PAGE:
Wednesday, March 23, 2016
Corrington Gill: Make the PWA and WPA permanent, for the health of the nation
(Assistant WPA Administrator Corrington Gill (left), at Capitol Hill, 1939. Photo courtesy of the Library of Congress.)
In his 1939 book, Wasted Manpower: The Challenge of Unemployment, Corrington Gill (1898-1946) highlighted the many obstacles to full and steady employment in America, e.g., droughts, machines replacing men, a smaller number of new investment opportunities, and the fact that changes in business investment frequently occur much faster than the labor market can adjust (new job training, new educational requirements, moving to new job-rich locations, etc.). Gill pointed out that these things occurred before the Great Depression, during the Great Depression, and would continue well into the future. Essentially, he was describing a nation with millions of people in a perpetual state of job insecurity, under constant threat of receiving a pink slip. History has shown that Gill was right. The recent economic recession is a high-profile example of this, but there has always been a significant percentage of the population struggling to find stable work.
Gill also pointed out that unemployment insurance is not enough to handle the problem of unemployment because benefits often don't cover the entire period of a person's joblessness ("Calls Loss Of Jobs 'Price' Of Machines," New York Times, April 27, 1940). Further, he noted that "unemployment not only affects the economic system adversely: it is a threat to the well-being and stability of society as a whole. Illness and disability frequently go hand in hand with joblessness. Worry, undernourishment, and poor housing all take their toll of the unemployed..." (Wasted Manpower, p. 16).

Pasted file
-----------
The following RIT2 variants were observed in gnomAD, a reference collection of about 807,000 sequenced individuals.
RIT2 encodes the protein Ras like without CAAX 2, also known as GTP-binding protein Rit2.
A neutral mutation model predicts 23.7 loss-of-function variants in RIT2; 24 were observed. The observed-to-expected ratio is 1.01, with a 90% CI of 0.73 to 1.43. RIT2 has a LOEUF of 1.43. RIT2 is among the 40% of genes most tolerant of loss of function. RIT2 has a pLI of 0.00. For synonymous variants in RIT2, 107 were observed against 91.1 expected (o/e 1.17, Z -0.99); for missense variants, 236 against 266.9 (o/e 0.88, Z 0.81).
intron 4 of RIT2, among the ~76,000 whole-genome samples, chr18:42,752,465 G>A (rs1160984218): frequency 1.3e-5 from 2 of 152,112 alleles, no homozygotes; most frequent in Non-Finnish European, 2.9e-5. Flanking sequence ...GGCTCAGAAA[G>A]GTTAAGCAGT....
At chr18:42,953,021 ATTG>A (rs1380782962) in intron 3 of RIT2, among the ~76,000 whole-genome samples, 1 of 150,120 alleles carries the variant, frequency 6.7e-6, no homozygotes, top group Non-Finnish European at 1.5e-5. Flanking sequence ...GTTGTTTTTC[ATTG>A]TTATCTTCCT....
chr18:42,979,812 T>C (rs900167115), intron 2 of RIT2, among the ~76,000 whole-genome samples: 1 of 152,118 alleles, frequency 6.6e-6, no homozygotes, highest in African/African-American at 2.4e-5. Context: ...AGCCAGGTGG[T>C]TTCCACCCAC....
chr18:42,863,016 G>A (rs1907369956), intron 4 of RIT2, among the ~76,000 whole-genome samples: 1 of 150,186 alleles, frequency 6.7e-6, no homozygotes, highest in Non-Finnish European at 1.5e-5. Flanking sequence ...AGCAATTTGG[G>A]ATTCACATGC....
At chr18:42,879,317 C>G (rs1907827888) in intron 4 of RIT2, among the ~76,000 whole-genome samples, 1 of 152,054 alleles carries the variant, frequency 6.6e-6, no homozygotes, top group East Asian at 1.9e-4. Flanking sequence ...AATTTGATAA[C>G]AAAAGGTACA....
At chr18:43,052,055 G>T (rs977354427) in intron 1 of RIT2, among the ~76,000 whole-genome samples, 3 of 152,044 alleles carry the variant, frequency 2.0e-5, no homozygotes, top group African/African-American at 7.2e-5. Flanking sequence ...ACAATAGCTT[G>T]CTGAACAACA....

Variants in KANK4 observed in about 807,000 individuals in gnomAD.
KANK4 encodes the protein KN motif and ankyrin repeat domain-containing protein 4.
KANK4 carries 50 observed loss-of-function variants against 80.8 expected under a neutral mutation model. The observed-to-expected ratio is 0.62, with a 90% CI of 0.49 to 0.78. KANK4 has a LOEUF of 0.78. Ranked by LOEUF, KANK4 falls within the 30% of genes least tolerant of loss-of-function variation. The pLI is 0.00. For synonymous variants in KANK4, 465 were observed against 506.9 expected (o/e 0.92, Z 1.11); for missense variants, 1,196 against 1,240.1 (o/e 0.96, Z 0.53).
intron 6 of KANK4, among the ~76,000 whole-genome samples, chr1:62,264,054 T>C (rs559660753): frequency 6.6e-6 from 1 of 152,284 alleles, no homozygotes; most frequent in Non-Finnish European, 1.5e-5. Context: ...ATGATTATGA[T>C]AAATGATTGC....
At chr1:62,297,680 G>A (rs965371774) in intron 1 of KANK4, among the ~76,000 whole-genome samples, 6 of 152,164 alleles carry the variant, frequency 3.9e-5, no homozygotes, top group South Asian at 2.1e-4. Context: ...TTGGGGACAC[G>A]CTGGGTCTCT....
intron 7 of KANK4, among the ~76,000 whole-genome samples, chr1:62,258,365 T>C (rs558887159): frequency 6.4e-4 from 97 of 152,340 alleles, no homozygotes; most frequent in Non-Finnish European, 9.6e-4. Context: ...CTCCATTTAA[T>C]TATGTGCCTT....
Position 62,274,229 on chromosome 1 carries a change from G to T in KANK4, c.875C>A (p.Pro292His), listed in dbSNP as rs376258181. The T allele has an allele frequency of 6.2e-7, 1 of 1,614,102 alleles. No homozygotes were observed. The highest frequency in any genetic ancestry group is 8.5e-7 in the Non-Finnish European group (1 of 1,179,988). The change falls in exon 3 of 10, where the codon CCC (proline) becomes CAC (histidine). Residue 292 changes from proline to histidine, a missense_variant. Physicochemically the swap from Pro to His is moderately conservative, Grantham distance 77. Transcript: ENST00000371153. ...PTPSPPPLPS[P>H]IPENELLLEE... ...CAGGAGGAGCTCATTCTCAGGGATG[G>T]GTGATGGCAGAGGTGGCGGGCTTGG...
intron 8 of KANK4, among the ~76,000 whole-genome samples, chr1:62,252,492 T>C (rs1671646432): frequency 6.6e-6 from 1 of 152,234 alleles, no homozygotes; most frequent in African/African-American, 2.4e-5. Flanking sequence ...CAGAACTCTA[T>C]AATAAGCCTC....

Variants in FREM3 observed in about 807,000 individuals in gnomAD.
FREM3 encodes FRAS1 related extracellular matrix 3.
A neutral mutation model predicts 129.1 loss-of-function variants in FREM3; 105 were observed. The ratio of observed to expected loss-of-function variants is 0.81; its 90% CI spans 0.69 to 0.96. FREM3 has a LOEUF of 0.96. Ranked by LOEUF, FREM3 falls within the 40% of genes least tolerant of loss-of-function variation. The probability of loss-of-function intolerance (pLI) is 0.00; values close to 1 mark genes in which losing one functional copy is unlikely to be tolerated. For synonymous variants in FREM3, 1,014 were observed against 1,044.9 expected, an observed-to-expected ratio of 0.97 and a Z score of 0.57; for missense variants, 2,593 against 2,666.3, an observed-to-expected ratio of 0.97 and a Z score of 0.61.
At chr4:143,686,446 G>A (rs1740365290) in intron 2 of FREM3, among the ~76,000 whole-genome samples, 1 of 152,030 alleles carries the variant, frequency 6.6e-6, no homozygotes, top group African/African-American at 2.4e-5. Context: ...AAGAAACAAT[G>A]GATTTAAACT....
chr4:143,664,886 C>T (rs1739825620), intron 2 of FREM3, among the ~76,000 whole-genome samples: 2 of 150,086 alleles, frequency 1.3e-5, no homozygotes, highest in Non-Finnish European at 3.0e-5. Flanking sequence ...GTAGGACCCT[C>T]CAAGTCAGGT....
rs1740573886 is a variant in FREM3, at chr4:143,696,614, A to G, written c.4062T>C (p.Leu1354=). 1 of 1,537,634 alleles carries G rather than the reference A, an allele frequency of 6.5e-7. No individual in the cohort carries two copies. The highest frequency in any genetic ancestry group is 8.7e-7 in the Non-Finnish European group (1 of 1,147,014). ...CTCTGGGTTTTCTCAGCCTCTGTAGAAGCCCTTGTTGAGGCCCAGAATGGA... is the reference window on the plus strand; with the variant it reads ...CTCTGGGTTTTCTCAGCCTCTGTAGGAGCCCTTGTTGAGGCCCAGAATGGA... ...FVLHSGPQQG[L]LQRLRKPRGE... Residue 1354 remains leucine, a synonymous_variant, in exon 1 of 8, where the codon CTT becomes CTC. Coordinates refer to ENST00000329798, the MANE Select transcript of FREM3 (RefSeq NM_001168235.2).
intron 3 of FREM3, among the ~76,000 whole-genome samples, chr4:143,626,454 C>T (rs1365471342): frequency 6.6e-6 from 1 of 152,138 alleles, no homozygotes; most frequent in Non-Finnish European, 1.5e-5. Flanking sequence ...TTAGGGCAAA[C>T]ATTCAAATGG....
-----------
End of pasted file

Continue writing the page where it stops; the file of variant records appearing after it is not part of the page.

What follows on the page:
Because of all these factors, as well as the benefit that private business derives from public investment (e.g., better roads, bridges, and airports for receiving and shipping goods), Gill said that New Deal work programs, specifically the PWA and WPA, should be made permanent: "I believe that a program of large public works ought to become a permanent part of our public investment program, complemented by an employment program of the WPA type" (Wasted Manpower, p. 272).
Gill's observations and recommendations make perfect sense of course (dare I say, "common sense"?). But, in a culture where super-wealthy investors call the shots and control our political process, and where they also benefit from unemployment, stagnant wages, and misery (lower labor cost = greater profit, and unemployment keeps people desperate, scared, and willing to work for extremely low wages), we are not likely to see a permanent public works program. Job insecurity--not public works for the unemployed--has been made permanent. And that is why you see high rates of joblessness for particular groups of Americans (e.g., younger veterans, American Indians, and African American youth), and why you also see children being poisoned by lead from old & filthy water systems that should have been replaced years ago.
We should have listened to Corrington Gill. Instead, we listened to people who value money over the well-being of their fellow citizens. And now we are paying the price for it, as we tally up the increasing numbers of homeless children, broken water mains, and suicides.